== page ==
|Screen||T-independent B Cell Response Screen|
|Posted On||2010-02-18 12:24 PM|
|Author||Jin Huk Choi, Samantha Kuwada Teixeira|
|Science Writer||Eva Marie Y. Moresco|
This screen is designed to identify genes required for the in vivo B cell response to the T-independent model antigen 2,4,6-trinitrophenyl (TNP)-Ficoll. Mice are immunized on day 0 and serum is collected and analyzed for TNP-specific IgM between days 5 and 7. ENU-mutagenized G3 mice that produce a reduced amount of TNP-specific IgM are identified as potential mutants.
B cell responses are classified as T-dependent (T-D) or T-independent (T-I) based on their requirement for T cell help in antibody production. Antigens that elicit a T-D antibody response are proteins that are processed and presented to cognate helper T cells in the context of MHC class II molecules. T-D antigens induce a long-lasting immune response, including the formation of memory B and T cells, and the production of high-affinity antibodies of multiple isotypes. The T-D B cell response is mediated by conventional (follicular B-2) B cells, the major B cell subset in the body. The T-dependent Humoral Response Screen is employed to discover genes required for the in vivo T-dependent B cell response.
In contrast, T-I antigens do not require T cell help to elicit an immune response (1;2). These antigens are typically polysaccharides that cannot be presented via MHC molecules, and are of two types distinguished by their requirement for B cell receptor (BCR) recognition. T-I type 1 antigens are mitogenic stimuli such as LPS, CpG, or poly(I:C) that activate Toll-like receptors (TLR) to induce polyclonal B cell activation. Isotype switching and memory do not occur to T-I type 1 antigens. T-I type 2 antigens consist of highly repetitive structures, such as capsular polysaccharides from bacterial cell walls or repetitive antigenic epitopes from viral particles, that activate B cells by crosslinking surface-exposed BCR. These type 2 antigens elicit robust antigen-specific primary and memory responses. Splenocytes from mice immunized with T-I type 2 antigens respond to secondary challenge when adoptively transferred into naïve recipients (3;4), and polysaccharide vaccines confer long-term humoral protection in adult humans (5). The T-I immune response is mediated by the B-1 and marginal zone (MZ) B cell populations, which expand upon immunization in extrafollicular sites (6) and confer protective immunity by producing antigen-specific IgM and/or IgG3 without somatic hypermutation (7-11). T-I memory B cells differ from conventional T-D memory B cells in their cell surface phenotype, and in their regulation by antigen-specific IgG antibodies (12).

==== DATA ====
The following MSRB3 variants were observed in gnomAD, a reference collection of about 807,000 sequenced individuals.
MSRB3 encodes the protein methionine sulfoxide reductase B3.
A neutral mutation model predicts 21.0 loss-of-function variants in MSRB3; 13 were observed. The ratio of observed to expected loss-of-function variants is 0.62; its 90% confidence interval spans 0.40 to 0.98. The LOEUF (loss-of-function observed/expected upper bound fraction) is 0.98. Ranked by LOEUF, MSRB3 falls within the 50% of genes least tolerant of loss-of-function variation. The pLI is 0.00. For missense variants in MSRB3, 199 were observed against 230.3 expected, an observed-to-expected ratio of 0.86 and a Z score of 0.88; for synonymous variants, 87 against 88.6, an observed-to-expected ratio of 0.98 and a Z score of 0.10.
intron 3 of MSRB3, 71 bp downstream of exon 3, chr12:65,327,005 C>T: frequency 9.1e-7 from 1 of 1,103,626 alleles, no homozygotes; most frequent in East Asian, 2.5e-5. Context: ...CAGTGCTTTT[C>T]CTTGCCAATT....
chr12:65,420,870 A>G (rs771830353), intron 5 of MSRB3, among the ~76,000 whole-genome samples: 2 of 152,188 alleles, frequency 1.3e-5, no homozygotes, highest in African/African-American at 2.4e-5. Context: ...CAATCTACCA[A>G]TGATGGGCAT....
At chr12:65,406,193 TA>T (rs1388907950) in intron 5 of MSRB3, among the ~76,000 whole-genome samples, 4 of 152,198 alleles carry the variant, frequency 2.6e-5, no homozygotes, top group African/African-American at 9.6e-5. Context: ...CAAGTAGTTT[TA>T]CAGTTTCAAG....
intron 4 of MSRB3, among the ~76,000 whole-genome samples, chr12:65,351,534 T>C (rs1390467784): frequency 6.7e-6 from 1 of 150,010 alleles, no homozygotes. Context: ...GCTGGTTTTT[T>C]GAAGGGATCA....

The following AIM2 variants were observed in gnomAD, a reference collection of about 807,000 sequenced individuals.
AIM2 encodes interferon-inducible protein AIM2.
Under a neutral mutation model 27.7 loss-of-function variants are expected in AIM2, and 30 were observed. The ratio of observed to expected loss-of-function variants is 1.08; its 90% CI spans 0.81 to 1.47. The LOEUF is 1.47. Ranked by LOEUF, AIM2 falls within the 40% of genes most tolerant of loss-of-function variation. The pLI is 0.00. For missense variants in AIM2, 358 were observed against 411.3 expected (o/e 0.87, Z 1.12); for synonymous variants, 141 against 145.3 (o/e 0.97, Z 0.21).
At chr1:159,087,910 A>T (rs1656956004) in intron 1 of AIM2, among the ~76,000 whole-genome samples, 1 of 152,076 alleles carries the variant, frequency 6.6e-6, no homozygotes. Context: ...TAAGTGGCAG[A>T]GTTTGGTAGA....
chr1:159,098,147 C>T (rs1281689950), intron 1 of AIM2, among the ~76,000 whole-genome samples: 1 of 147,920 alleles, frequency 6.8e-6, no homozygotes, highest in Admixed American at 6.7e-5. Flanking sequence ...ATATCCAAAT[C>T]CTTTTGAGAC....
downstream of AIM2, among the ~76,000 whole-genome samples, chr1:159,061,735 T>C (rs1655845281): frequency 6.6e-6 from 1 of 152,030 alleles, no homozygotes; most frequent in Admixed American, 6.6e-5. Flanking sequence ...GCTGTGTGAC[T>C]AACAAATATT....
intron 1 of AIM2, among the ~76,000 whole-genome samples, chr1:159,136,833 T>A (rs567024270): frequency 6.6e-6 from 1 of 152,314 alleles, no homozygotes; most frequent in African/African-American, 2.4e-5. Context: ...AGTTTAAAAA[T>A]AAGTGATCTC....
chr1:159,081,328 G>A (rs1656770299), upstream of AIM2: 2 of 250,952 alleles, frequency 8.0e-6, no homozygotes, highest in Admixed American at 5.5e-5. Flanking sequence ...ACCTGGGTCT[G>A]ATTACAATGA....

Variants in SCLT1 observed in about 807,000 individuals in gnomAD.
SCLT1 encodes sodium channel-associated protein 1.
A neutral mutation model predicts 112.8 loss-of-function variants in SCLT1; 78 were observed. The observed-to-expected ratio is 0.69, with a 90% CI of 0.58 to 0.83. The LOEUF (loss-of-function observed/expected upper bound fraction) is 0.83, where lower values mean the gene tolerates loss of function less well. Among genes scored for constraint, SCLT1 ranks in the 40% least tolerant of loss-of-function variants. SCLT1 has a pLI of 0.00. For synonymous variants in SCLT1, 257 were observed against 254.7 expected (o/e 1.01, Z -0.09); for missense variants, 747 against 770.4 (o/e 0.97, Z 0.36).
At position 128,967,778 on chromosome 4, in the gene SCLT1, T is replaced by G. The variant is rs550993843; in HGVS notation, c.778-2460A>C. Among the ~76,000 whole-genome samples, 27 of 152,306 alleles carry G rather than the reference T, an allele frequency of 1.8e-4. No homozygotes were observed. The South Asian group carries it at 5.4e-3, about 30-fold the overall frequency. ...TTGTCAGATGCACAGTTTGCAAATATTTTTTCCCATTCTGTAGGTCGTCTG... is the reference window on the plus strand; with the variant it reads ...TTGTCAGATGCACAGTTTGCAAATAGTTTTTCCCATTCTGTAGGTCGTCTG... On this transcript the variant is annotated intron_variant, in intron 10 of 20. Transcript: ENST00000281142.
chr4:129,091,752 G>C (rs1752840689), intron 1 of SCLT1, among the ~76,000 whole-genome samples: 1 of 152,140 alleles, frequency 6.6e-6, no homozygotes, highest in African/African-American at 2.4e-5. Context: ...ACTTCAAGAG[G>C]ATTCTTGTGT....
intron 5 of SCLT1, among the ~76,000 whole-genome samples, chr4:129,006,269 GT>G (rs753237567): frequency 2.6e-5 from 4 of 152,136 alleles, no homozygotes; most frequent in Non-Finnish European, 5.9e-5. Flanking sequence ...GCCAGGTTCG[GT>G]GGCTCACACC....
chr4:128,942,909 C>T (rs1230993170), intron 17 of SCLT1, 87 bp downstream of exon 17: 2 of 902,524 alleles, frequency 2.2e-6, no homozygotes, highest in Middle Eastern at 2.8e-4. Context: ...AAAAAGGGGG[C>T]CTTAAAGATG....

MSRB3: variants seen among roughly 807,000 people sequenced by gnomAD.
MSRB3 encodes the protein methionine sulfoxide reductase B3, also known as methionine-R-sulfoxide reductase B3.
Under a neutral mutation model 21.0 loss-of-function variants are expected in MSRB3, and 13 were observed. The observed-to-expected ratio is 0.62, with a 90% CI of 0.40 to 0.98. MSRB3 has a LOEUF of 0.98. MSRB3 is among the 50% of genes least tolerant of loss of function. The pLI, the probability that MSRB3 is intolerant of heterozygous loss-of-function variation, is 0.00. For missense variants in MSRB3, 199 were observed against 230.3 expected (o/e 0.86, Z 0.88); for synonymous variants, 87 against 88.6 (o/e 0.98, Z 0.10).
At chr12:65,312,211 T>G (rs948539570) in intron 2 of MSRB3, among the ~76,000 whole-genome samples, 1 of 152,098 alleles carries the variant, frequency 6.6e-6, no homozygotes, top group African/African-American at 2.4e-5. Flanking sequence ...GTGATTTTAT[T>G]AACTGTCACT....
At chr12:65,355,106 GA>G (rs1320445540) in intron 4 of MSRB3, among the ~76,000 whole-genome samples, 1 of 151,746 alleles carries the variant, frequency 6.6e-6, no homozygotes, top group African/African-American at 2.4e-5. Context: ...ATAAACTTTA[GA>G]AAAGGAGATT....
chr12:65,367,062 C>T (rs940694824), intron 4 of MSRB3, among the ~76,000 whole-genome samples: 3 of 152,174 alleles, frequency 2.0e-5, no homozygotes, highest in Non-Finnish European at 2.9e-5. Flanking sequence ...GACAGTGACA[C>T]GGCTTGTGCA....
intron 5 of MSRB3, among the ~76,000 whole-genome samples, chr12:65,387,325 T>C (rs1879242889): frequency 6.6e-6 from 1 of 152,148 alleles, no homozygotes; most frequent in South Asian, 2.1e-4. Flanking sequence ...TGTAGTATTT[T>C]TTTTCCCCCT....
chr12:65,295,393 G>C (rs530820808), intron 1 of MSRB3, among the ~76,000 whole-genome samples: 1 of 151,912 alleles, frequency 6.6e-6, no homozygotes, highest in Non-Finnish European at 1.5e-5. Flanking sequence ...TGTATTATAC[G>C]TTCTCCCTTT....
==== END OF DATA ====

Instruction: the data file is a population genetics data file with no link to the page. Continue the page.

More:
Ficoll is a neutral, highly branched, high mass, hydrophilic polysaccharide. Conjugation with the hapten 2,4,6-trinitrophenyl generates TNP-Ficoll, a widely used T-I model antigen that induces TNP-specific IgM production when used to immunize mice. In this screen, mutagenized mice that fail to mount a TNP-specific IgM response may harbor mutations in genes required for B-1 or MZ B cell development, activation, costimulation, or homeostasis.
|Reagents and Solutions|
TNP(65)-AECM-Ficoll (BioSearch Technologies, Novato, CA)
TNP(30)-BSA (Bovine Serum Albumin) (BioSearch Technologies, Novato, CA)
HRP-conjugated goat-anti-mouse IgM (Southern Biotech, Birmingham, AL)
TMB SureBlue reagent (KPL, Inc., Gaithersburg, MD)
TMB Stop Solution (KPL, Inc., Gaithersburg, MD)
1. On day 0, inject 200 μl (40 μg in sterile PBS) of NP(49)-AECM-Ficoll intraperitoneally into each G3 mouse.
Measurement of antigen-specific IgM by ELISA
2. Prepare an ELISA plate. Coat a 96-well plate overnight at 4°C 5 μg/mL NP(8)-BSA in PBS.
3. On day 6 after immunization, collect about 50 μl of blood from the sub-mandibular vein of each mouse.
4. Perform ELISA according to standard protocol:
a) Snap plate to remove the coating antigen.